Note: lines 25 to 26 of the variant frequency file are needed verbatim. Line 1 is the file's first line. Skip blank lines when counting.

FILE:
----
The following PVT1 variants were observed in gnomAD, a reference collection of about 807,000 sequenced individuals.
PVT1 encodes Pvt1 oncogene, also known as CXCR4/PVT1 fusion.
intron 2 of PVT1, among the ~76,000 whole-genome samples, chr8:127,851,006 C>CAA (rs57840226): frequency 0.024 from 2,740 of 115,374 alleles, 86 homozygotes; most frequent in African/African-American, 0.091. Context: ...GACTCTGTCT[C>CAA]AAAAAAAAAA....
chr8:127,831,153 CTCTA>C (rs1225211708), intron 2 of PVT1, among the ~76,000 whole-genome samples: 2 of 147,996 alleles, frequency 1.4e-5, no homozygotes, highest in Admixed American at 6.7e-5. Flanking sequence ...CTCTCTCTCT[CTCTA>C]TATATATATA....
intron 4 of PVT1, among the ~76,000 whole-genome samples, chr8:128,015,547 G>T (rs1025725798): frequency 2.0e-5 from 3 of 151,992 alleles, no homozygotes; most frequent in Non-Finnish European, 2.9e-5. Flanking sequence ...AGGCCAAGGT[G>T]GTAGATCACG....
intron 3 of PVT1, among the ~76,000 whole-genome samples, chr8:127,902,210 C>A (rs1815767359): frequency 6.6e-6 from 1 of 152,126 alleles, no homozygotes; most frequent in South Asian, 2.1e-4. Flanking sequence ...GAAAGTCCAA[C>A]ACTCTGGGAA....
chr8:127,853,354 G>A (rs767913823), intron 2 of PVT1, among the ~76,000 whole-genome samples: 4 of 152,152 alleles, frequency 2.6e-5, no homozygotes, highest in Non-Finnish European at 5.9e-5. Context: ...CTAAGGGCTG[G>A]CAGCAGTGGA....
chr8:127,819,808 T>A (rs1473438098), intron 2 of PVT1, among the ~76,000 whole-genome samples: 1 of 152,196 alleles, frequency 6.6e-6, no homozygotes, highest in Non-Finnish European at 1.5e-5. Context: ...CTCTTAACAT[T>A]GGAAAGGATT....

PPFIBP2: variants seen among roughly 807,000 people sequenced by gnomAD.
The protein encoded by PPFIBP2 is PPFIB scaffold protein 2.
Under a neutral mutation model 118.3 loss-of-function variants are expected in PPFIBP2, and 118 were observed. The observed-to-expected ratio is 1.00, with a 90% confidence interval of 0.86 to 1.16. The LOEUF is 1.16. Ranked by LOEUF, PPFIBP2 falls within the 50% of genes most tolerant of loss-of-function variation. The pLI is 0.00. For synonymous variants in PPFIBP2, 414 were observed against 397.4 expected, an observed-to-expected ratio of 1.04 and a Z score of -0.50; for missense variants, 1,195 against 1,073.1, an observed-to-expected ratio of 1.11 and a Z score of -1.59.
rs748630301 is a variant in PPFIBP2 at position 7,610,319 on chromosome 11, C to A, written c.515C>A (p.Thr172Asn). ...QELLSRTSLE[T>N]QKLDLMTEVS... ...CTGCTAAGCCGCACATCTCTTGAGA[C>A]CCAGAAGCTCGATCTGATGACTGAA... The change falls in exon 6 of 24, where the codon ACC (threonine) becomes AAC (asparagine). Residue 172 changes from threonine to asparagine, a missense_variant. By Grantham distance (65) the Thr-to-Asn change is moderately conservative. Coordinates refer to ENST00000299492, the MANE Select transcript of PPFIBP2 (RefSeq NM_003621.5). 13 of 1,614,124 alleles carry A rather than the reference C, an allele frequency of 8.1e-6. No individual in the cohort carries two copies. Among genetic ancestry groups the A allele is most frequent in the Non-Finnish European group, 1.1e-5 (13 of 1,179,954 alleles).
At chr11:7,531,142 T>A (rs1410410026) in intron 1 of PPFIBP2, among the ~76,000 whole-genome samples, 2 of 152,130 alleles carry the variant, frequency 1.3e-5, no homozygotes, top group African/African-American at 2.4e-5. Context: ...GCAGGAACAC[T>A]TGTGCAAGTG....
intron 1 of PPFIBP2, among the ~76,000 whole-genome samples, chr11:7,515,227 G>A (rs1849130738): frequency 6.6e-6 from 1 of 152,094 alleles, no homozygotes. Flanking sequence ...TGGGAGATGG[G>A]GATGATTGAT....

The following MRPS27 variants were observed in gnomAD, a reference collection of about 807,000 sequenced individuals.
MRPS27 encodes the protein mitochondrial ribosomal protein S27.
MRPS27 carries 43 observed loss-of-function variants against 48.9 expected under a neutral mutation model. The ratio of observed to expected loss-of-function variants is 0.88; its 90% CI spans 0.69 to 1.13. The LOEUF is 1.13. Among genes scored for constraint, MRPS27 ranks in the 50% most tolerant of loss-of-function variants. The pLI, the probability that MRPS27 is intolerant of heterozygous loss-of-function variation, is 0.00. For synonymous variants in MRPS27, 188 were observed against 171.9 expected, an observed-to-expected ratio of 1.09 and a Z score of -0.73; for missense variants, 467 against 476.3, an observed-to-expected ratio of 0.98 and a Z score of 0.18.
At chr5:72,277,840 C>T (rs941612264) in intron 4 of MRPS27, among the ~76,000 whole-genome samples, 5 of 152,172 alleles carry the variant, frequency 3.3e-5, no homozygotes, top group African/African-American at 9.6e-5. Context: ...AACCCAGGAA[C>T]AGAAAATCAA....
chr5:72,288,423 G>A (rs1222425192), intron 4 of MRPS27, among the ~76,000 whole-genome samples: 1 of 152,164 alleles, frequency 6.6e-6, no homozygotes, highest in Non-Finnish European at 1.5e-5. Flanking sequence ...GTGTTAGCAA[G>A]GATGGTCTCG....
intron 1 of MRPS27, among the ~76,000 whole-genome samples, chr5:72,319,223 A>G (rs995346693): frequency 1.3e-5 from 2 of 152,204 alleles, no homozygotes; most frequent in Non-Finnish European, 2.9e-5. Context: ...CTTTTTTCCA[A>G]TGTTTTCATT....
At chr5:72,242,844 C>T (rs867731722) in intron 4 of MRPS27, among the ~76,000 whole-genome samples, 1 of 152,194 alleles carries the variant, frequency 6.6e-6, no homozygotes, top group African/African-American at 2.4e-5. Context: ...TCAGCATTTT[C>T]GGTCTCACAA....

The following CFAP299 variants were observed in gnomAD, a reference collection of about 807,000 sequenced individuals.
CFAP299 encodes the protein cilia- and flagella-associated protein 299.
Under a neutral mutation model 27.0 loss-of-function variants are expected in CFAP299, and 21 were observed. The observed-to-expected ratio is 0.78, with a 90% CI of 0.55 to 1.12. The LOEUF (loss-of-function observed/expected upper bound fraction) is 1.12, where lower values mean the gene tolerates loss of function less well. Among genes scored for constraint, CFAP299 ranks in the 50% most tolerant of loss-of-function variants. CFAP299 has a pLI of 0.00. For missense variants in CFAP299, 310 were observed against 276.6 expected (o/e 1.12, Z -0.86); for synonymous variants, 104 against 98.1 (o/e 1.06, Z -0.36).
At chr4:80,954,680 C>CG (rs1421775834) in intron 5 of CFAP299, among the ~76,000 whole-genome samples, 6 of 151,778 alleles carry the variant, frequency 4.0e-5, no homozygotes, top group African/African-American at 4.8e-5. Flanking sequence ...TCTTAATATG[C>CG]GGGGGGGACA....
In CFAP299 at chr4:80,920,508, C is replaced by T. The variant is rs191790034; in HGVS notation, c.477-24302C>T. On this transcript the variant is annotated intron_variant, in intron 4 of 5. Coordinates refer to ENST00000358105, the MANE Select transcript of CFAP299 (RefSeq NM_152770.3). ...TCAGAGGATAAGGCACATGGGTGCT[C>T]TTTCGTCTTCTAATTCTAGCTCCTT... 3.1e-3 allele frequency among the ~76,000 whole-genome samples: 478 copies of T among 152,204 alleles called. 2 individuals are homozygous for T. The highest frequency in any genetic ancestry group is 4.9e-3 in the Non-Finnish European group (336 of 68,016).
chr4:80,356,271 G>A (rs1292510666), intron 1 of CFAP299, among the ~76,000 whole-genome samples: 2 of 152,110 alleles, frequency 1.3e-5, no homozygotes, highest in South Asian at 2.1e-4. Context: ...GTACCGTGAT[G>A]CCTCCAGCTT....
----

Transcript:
At chr4:80,954,680 C>CG (rs1421775834) in intron 5 of CFAP299, among the ~76,000 whole-genome samples, 6 of 151,778 alleles carry the variant, frequency 4.0e-5, no homozygotes, top group African/African-American at 4.8e-5. Flanking sequence ...TCTTAATATG[C>CG]GGGGGGGACA....
In CFAP299 at chr4:80,920,508, C is replaced by T. The variant is rs191790034; in HGVS notation, c.477-24302C>T. On this transcript the variant is annotated intron_variant, in intron 4 of 5. Coordinates refer to ENST00000358105, the MANE Select transcript of CFAP299 (RefSeq NM_152770.3). ...TCAGAGGATAAGGCACATGGGTGCT[C>T]TTTCGTCTTCTAATTCTAGCTCCTT... 3.1e-3 allele frequency among the ~76,000 whole-genome samples: 478 copies of T among 152,204 alleles called. 2 individuals are homozygous for T. The highest frequency in any genetic ancestry group is 4.9e-3 in the Non-Finnish European group (336 of 68,016).